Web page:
So You Want My Job: Private Investigator

by Brett on April 8, 2009 · 27 comments

in Money & Career, So You Want My Job

markpi

It’s once again time for our So You Want My Job series, in which we interview men who are employed in desirable man jobs and ask them about the reality of their work and for advice on how men can finally become what they always wanted to be when they grew up.

For this installment, we interviewed Mark Lemon. Mr. Lemon is a private investigator. How much does Mark’s life resemble that of Thomas Magnum? Not much it would seem. But he does sport a sweet Tom Selleck-esque stache. Thanks for doing the interview Tom!

1. Tell us a little about yourself (Where are you from? Where did you go to school? How old are you? Describe your job and how long you’ve been at it, etc).

I’m from Atlanta, GA, and graduated from the University of Georgia in 1979. I’m 53 years old

2. Why did you want to become a private investigator? When did you know that it was what you wanted to do?

Well, I became a PI in a somewhat roundabout way. I had previously been a Criminal Investigator with NCIS in North Carolina, and when my father became ill, requested to transfer at no cost to them, to the Atlanta NCIS office, so that I could be near him if he got worse. This they declined to do, and so I resigned (after all, family comes first to me, above all else). While it was good to be closer to my dad and my family, I was unemployed. Of course I had to seek employment somewhere, but didn’t really want to get back into law enforcement. As I was good at surveillance, I thought investigating in the private sector would be a good fit for me, and it was.

3. If man wants to become a private investigator, how should he best prepare? What’s the best route into the job?

Contrary to what most guys think, being a cop is actually a detriment to becoming a PI, instead of vice versa. Cops roll in loud and very obvious and visible, while a PI needs to be stealthy and very, very low profile. He needs to get information in a roundabout way, not by using the authority of his office, or uniform. So cops coming to the job find it hard to break old habits, and seldom have I seen cops become good PI’s. On the other hand, I have found that my experience in the military, especially in naval specwar, has been a great help in my current job. In my naval career, I went through BUD/S training for SEAL Teams, got injured about 2/3 of the way through, and then got into the Special Boat Units, tasked with inserting and extracting the SEALs. There, stealth and independent thinking was a valued commodity, just as it is in the PI industry. I would say that a guy with a good, practical military background (as an “operator,” not as an office “poag”) who takes the state course in licensing, who has learned a lot about deception, cover and concealment, and is a good fast thinker, will be a good PI.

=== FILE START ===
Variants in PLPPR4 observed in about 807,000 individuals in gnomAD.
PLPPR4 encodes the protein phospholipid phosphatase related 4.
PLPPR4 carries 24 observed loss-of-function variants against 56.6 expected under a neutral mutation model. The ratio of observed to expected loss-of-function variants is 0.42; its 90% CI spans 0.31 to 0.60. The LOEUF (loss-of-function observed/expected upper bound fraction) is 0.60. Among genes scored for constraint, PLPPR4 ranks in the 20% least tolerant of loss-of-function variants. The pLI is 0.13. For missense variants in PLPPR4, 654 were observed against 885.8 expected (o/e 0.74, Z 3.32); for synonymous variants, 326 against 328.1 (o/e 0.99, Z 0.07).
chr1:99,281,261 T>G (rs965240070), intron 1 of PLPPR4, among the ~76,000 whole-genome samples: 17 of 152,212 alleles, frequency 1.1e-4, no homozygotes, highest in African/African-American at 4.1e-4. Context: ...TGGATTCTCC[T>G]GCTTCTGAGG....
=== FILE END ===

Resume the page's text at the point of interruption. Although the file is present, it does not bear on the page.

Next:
4. How competitive is it to get a job as a private investigator? Do most guys set up their own business or work for someone else?

It’s not really that hard to get hired, as long as you’re qualified, but staying on the job is harder. This job has a lot of turnaround, and you see guys come and go due mostly to their own job performance. If you see a guy who has been at the same company for a number of years, it’s a safe bet that he’s getting the job done. Some guys leave and start their own businesses, but I know one such guy, who tells me that he’s being eaten up in insurance costs for himself as well as his investigators, so to me it’s not worth the hassle.

5. What is the best part of the job?

Working independently, making many of your own decisions, solving problems using your own skills and not having someone constantly looking over your shoulder.

6. What is the worst part of the job?

Boredom. Often you have to sit in a surveillance position for literally hours upon hours until something happens, if it happens at all. In such a situation, you can’t read a book, or newspaper to relieve the boredom, because as soon as you do that, something is bound to happen, and you’ll miss it. I should say here that I work workman’s comp cases exclusively, meaning that I conduct surveillances on people who claim to have been injured at work. As such, getting videotape of them changing an engine out of their truck, exercising, or other such activity, is the key to my work. Sometimes it happens, and sometimes nothing happens, but you have to remain constantly vigilant nonetheless.

8. What is the biggest misconception people have about the job?